Skip to content

FringeGuru

 
Saving Grace
Published on Monday, 23 July 2012

5 starsUnderground Venues, Theatre
Run ended
Reviewed by Elijah James

What is the point of social networking?  It gets a bit confusing, especially for the characters of Rebel Base Productions' Saving Grace.  It's a nice play on words for a not-so-nice story about checking up on people – and it’s a real sit-com romp, with outrageous characters and a story-line that revolves around the absurdity of our interconnectivity.  So many vices, too many devices!

Saving Grace follows the story of three women – Dani (Nicole Cane), Katie (Kayla Keetley) & Cheryl (Josie Sedgwick-Davies) – supposedly enjoying a hen night at home, with drinks and Abba for entertainment.  It's all very Ab-Fab and the jokes are hilarious.  But the evening turns sinister when one of the trio's friends goes missing.  Grace (who’s only ever alluded to within the play) is suspected of being kidnapped, raped, or worse… all because her presence on social networks has turned ambiguous, raising suspicion about her safety and whereabouts.

Are they right to be concerned, or is it all fallacious gossip?  There are casual references to Big Brother.  The bride to be, Dani, insists that there is nothing wrong, but while one character protests the others plead.  The screen-name Cassanova48 gives the two meddlers, Katie and Cheryl, ammunition to fire out wild conclusions: perhaps Grace has been abducted by someone who is 48?  Or was born in ’48?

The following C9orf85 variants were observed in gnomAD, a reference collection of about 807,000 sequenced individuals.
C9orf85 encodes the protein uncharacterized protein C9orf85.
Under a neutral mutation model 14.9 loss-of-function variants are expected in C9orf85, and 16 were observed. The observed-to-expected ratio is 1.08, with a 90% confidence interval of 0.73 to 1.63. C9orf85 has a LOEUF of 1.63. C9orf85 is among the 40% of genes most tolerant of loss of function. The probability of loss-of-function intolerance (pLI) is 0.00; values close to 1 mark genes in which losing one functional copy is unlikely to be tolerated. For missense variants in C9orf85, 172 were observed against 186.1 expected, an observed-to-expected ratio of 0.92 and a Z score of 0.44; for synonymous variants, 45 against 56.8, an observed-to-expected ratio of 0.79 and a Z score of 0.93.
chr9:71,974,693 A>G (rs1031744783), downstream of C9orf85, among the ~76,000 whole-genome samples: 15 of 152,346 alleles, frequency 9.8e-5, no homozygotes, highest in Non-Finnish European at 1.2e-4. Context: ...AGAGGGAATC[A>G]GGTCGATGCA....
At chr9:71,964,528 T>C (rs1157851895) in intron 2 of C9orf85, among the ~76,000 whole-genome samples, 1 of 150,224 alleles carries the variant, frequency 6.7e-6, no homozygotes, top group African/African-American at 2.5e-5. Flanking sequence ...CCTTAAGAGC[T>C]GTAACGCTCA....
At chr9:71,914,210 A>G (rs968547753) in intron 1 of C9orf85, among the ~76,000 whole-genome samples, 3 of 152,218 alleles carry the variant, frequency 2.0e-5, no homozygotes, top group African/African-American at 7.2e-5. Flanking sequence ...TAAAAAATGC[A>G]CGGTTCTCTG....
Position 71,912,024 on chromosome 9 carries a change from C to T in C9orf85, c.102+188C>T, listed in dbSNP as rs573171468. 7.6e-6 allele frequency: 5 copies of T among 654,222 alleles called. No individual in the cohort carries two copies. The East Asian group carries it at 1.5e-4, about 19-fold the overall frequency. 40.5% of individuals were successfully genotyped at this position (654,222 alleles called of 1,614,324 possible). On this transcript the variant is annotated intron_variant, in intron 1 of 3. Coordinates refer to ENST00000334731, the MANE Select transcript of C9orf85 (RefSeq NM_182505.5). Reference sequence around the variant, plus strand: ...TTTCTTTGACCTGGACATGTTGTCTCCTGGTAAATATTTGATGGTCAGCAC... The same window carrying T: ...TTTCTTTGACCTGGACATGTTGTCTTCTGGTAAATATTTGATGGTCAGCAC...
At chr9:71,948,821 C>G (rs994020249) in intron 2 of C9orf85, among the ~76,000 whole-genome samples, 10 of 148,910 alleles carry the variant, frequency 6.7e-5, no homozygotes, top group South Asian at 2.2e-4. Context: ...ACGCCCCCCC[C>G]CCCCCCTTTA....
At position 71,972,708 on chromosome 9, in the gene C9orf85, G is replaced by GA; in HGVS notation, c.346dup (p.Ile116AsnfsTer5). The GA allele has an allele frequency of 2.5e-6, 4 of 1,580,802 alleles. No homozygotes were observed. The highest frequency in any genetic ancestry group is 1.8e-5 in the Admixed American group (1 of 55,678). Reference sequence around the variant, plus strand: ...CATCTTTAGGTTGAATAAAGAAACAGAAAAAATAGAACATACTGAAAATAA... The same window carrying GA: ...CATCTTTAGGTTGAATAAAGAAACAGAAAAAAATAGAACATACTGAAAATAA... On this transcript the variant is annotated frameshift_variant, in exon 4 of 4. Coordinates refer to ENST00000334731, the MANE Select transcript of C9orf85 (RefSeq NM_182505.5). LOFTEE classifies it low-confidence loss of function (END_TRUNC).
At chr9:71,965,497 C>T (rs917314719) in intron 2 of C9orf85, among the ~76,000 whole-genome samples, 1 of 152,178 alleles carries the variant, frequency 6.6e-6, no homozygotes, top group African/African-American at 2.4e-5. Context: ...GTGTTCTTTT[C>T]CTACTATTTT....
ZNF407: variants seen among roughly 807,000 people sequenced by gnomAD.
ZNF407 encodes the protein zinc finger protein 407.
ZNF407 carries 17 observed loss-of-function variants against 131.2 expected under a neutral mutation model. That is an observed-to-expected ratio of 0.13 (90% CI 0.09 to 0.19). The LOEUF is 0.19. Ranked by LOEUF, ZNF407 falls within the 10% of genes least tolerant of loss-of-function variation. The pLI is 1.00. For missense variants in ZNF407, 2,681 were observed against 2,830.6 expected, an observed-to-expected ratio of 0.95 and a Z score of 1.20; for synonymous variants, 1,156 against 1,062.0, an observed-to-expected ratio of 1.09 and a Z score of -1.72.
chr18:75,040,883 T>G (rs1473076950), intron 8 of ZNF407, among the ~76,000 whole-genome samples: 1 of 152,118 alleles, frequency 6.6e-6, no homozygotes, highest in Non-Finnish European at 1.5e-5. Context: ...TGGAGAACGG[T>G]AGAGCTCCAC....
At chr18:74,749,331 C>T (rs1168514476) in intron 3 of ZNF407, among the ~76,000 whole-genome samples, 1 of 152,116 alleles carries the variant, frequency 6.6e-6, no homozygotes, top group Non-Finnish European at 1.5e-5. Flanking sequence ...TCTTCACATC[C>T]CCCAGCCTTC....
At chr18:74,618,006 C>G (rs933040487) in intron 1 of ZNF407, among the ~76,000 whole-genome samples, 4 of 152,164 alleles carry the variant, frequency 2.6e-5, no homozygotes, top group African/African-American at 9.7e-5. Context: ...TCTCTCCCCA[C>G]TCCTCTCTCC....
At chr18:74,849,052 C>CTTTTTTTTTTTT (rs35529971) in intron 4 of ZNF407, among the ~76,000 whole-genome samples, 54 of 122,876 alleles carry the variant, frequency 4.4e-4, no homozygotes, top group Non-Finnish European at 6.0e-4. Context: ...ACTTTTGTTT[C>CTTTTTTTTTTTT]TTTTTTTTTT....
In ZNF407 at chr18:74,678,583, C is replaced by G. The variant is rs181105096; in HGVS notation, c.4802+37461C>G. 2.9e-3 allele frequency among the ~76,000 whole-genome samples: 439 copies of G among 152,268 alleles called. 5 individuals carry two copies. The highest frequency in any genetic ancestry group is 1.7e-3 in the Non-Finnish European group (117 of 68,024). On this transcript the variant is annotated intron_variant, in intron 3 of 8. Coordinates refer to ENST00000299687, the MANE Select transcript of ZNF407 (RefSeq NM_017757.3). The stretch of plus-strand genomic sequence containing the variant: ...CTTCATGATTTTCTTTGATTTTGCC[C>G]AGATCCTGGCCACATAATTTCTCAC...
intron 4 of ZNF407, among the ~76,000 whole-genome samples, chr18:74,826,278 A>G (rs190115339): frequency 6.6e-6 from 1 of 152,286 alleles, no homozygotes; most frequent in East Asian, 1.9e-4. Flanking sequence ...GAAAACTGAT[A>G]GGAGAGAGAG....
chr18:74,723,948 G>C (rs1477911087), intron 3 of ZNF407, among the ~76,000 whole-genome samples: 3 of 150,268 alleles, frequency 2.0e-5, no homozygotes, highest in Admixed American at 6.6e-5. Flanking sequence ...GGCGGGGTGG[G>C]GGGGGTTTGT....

It's all very tongue-in-cheek; the entire affair is laced with heavy doses of humour, brilliantly scripted, and the garish costumes add to the bright and bubbly way that the characters parade around in them.  It's a highly animated piece, and I particularly enjoyed how rich the dialogue was.  All the jokes were carried off with a deft wit, and I truly believed that the actors understood all the modes of the script.

The cast enjoyed a versatile dynamic, bouncing off each other and livening the audience – who duly laughed loudly on the many occasions that it proved to be exceptionally funny.  Jay Podmore, known in the play as simply 'Jay', brought a charismatic, lively and camp air to the performance.  We’re introduced to Jay, Katie’s boyfriend, when he’s caught in the act of being a stripper (or maybe he’s just a meat-packer night-shift worker).  More hilarity ensues from this point on. 

But we mustn’t forget about the important issue underpinning the play – in fact, all the laughter may even be a distraction from what should be a troubling concern.  In sharing so much information about ourselves on social networking sites, how much do we allow ourselves to be monitored?  The fear of Grace being apprehended by a pervert – which escalates and escalates as the play draws on – may well prove ill-founded, in the end.

It's impossible to fault a play that’s conceived and brought about with such sophistication.  Each member of the cast was articulate and professional, and my favourite moment came when Jay broke the fourth wall of the theatre, taking the opportunity to apologise for spitting on an audience member slightly.  At the risk of giving any spoilers, we are left with a dash of irony and a hint of suspense, as the audience lilted in unison with each other… “aha”!

<< Romeo and Juliet   I Want To Hold Your Hand >>

FROM OUR ARCHIVES

These are archived reviews of shows from Buxton 2012.  We keep our archives online as a courtesy to performers, and for readers who'd like to research previous years' reviews.